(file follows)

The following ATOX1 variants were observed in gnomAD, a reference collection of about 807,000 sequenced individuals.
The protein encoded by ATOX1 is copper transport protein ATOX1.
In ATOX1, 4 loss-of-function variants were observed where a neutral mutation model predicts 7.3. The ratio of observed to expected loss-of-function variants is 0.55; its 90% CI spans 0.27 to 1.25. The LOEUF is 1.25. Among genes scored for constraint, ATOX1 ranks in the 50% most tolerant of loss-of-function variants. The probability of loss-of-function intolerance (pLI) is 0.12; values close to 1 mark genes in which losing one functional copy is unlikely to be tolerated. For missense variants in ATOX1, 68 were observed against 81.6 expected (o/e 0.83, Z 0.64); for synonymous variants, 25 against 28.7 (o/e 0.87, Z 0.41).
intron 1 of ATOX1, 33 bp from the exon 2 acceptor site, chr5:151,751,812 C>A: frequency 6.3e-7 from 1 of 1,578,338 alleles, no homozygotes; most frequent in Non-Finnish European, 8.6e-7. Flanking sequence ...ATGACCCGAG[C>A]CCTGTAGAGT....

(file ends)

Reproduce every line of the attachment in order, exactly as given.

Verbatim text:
The following ATOX1 variants were observed in gnomAD, a reference collection of about 807,000 sequenced individuals.
The protein encoded by ATOX1 is copper transport protein ATOX1.
In ATOX1, 4 loss-of-function variants were observed where a neutral mutation model predicts 7.3. The ratio of observed to expected loss-of-function variants is 0.55; its 90% CI spans 0.27 to 1.25. The LOEUF is 1.25. Among genes scored for constraint, ATOX1 ranks in the 50% most tolerant of loss-of-function variants. The probability of loss-of-function intolerance (pLI) is 0.12; values close to 1 mark genes in which losing one functional copy is unlikely to be tolerated. For missense variants in ATOX1, 68 were observed against 81.6 expected (o/e 0.83, Z 0.64); for synonymous variants, 25 against 28.7 (o/e 0.87, Z 0.41).
intron 1 of ATOX1, 33 bp from the exon 2 acceptor site, chr5:151,751,812 C>A: frequency 6.3e-7 from 1 of 1,578,338 alleles, no homozygotes; most frequent in Non-Finnish European, 8.6e-7. Flanking sequence ...ATGACCCGAG[C>A]CCTGTAGAGT....